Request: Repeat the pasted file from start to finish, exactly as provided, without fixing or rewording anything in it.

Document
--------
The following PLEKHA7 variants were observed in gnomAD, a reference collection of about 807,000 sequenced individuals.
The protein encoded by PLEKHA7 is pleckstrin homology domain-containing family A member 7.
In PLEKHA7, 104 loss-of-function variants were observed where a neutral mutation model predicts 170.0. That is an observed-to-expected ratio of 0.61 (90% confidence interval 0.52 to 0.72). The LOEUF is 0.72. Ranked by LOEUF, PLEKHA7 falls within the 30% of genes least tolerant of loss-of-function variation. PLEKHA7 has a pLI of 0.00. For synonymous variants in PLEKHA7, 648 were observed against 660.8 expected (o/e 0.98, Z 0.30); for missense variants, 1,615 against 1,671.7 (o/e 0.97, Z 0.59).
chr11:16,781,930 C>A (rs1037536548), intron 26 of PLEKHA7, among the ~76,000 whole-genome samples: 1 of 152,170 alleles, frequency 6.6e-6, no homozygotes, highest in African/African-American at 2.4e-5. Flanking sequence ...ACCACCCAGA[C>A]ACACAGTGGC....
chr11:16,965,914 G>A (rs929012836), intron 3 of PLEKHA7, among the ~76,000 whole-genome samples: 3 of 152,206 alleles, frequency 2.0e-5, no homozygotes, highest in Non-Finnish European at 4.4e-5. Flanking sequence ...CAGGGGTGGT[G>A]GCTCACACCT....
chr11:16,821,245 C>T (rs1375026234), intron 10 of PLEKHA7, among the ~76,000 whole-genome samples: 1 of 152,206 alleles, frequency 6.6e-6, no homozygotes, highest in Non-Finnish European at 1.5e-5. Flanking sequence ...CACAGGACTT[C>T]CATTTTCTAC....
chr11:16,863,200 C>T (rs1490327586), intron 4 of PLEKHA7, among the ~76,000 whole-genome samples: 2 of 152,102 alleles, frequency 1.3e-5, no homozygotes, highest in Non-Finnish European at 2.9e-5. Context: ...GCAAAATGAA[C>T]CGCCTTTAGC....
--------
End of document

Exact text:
The following PLEKHA7 variants were observed in gnomAD, a reference collection of about 807,000 sequenced individuals.
The protein encoded by PLEKHA7 is pleckstrin homology domain-containing family A member 7.
In PLEKHA7, 104 loss-of-function variants were observed where a neutral mutation model predicts 170.0. That is an observed-to-expected ratio of 0.61 (90% confidence interval 0.52 to 0.72). The LOEUF is 0.72. Ranked by LOEUF, PLEKHA7 falls within the 30% of genes least tolerant of loss-of-function variation. PLEKHA7 has a pLI of 0.00. For synonymous variants in PLEKHA7, 648 were observed against 660.8 expected (o/e 0.98, Z 0.30); for missense variants, 1,615 against 1,671.7 (o/e 0.97, Z 0.59).
chr11:16,781,930 C>A (rs1037536548), intron 26 of PLEKHA7, among the ~76,000 whole-genome samples: 1 of 152,170 alleles, frequency 6.6e-6, no homozygotes, highest in African/African-American at 2.4e-5. Flanking sequence ...ACCACCCAGA[C>A]ACACAGTGGC....
chr11:16,965,914 G>A (rs929012836), intron 3 of PLEKHA7, among the ~76,000 whole-genome samples: 3 of 152,206 alleles, frequency 2.0e-5, no homozygotes, highest in Non-Finnish European at 4.4e-5. Flanking sequence ...CAGGGGTGGT[G>A]GCTCACACCT....
chr11:16,821,245 C>T (rs1375026234), intron 10 of PLEKHA7, among the ~76,000 whole-genome samples: 1 of 152,206 alleles, frequency 6.6e-6, no homozygotes, highest in Non-Finnish European at 1.5e-5. Flanking sequence ...CACAGGACTT[C>T]CATTTTCTAC....
chr11:16,863,200 C>T (rs1490327586), intron 4 of PLEKHA7, among the ~76,000 whole-genome samples: 2 of 152,102 alleles, frequency 1.3e-5, no homozygotes, highest in Non-Finnish European at 2.9e-5. Context: ...GCAAAATGAA[C>T]CGCCTTTAGC....